Author says "When I describe priming studies to audiences, the reaction is often disbelief .... System 2 believes it is in charge and it knows the reasons for its choices." But you don't have the option of disbelief - these studies are real and statistically valid. You have to accept that you would behave in the same way.

Truthiness: A reliable way to make people believe a lie is frequent repetition, because we have trouble distinguishing familiarity from truth. You don't even have to repeat the whole statement. Repeatedly showing "the body temperature of a chicken" made you more likely to accept the statement "the body temperature of a chicken is 44 degrees". The familiarity of one part of the phrase made the whole phrase seem familiar, and thus true.

Credibility: do anything you can to reduce cognitive load. So simple language, good quality paper, use dark blue or red for bits you really want believed. And to make it memorable, use short verse where possible. Woes unite foes. Little strokes tumble great oaks. And any quotes need to be from easily-pronounced sources. None of this will overcome obvious falsehoods, but as long as System 1 is running the show, judging by what feels right, then System 2 doesn't get activated, and rational evaluation is avoided.

System 1 excels at building a coherent story. The amount or quality of data on which the story is based is irrelevant. When info is scarce, as it usually is, System 1 is great at jumping to conclusions. If asked "Will X be a good leader. He is smart and strong ... " you quickly decide 'Yes', but what if the next two adjectives were "corrupt and cruel". Take note of what you did not do: You did not start by thinking "What sort of info do I need to form an opinion about someone's leadership qualities." System 1 got to work on its own and delivered a satisfying story from just the first two adjectives. WYSIATI: What You See Is All There Is.

System 1 doesn't entertain doubts. It suppresses ambiguity and values coherent stories. System 2 can maintain doubt, but takes more cognitive effort; it's easier to slide into certainty.

Judging Happiness: German study where asked students these 2 questions:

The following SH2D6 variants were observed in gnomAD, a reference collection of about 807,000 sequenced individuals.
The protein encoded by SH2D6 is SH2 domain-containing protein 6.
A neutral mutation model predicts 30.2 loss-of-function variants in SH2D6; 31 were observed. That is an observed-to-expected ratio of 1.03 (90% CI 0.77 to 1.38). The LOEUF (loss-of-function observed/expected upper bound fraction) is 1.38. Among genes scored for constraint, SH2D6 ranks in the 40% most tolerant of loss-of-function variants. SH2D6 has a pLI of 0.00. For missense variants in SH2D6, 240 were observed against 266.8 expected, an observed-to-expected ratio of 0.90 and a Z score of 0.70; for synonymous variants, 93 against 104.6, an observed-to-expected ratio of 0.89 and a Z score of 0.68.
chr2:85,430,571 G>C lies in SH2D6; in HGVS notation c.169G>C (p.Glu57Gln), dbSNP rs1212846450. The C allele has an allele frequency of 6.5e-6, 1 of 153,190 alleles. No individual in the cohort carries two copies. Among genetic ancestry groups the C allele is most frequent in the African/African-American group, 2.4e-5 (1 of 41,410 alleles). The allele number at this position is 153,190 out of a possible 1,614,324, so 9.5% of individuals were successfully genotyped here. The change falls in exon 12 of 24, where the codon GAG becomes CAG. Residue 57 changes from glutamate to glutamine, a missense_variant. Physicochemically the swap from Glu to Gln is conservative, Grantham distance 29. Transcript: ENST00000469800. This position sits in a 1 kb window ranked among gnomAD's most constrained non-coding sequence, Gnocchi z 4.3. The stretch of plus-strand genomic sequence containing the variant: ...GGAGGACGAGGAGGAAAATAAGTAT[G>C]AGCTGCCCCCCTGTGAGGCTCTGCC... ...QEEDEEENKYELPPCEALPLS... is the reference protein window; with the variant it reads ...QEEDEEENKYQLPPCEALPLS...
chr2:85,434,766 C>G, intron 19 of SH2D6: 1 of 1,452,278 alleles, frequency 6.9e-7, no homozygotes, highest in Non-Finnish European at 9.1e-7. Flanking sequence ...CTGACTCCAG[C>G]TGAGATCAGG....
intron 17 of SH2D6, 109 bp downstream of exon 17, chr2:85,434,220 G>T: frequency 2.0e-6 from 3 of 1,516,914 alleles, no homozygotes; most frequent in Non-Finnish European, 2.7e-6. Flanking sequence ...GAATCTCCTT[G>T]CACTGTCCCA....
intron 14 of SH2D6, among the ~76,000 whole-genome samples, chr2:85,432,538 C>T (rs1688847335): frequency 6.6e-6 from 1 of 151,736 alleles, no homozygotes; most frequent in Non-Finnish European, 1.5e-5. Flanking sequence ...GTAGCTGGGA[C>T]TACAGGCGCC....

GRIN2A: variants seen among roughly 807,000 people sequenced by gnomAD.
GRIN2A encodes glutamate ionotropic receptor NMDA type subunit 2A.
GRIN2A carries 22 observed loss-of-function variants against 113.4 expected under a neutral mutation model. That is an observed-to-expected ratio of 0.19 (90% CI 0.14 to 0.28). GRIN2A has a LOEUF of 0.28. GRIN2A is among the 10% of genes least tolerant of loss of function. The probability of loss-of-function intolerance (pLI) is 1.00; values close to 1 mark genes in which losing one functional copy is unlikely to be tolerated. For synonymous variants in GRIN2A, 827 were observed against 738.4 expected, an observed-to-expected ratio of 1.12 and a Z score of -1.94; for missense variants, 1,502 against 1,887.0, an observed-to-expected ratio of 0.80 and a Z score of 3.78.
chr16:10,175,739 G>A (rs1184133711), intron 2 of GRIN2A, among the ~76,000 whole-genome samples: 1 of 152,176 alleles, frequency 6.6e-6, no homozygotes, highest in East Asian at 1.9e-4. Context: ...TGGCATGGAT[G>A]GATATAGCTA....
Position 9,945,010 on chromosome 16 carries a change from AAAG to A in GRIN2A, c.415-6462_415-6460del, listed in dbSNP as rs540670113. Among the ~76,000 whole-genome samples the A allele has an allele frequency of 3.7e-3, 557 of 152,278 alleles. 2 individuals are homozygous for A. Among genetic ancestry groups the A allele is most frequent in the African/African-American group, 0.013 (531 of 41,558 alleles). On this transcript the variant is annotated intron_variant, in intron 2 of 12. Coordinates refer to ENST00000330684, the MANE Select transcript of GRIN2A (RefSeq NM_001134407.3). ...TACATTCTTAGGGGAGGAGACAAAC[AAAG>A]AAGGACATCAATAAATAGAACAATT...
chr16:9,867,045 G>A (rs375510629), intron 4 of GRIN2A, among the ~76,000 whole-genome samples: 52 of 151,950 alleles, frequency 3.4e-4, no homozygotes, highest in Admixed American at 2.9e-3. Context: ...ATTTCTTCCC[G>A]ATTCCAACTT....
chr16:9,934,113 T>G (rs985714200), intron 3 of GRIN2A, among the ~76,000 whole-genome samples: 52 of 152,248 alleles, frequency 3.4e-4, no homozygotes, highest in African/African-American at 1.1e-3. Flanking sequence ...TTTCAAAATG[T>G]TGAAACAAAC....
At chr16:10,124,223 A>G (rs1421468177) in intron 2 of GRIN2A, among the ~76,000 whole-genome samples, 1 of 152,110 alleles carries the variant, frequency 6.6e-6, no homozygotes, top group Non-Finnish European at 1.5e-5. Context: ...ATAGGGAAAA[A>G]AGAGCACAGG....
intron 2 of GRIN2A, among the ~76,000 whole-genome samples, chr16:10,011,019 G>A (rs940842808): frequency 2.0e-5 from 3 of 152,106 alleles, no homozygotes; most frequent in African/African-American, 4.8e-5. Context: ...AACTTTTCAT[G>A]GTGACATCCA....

How happy are you?
How many dates did you have last month?

There was no correlation between the two - they didn't take 'dates' into account when thinking about happiness.

But when asked another group same questions, but reverse order:

How many dates did you have last month?
How happy are you?

The results were completely different. The students who'd had dates were reminded of something that made them happier; and vice versa. Figuring out "Am I happy?" requires quite a bit of mental work. It's (cognitively) a lot easier to substitute a related question for which they had a ready answer.

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If price is only thing to be settled between buyer and seller, there is a first-mover advantage ie the first price mentioned anchors rest of the debate. Author's advice - if other side has made an outrageous first offer, don't try and counter by making an outrageous offer in return, because that just sets up an unbridgeable gap. Instead, storm out or make a scene - somehow make it clear that you will not continue negotiating with that number on the table. Other suggestion was to activate System 2 by coming up arguments against the anchor.

More books on Business

Ask partners in a marriage, "in percentage terms, how much was your contribution to ... (cooking/cleaning/etc)". As expected, the percentages combined added up to more than a hundred. Because simple availability bias - each person remembers their contribution more clearly than the other's.

In his book The Black Swan Nassim Taleb introduced the idea of narrative fallacy to describe how flawed stories of the past shape our view of the world and our expectations of the future. The explanatory stories that people find compelling are simple, they are concrete rather than abstract, they assign a larger role than they should to talent and intent rather than luck, and they focus on a few striking events that did happen rather than the thousands of events which failed to happen.

Halo effect - if we see a sportsman as handsome and athletic, we are more likely to see him as a good player as well. And reverse applies - an ugly player is likely to be underrated.

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Luck not Skill #1: Books like Built to Last and earlier In Search of Excellence were studies of "successful" companies. Authors of each book (and many others like them) analysed companies and decided which qualities made them successful. Built to Last for example, looked at eighteen pairs of companies and decided that the reason one of each pair was better was due to great CEO's or great planning etc. But problem was that the difference between each pair shrank to almost nothing after the book published. Same thing happened to the companies lauded in In Search of Excellence. Fortune magazine went back after 20 years and found the 'best' companies dropped sharply almost straight after book came out, and the firms with the worst ratings went on to earn much higher stock returns than the most admired ones.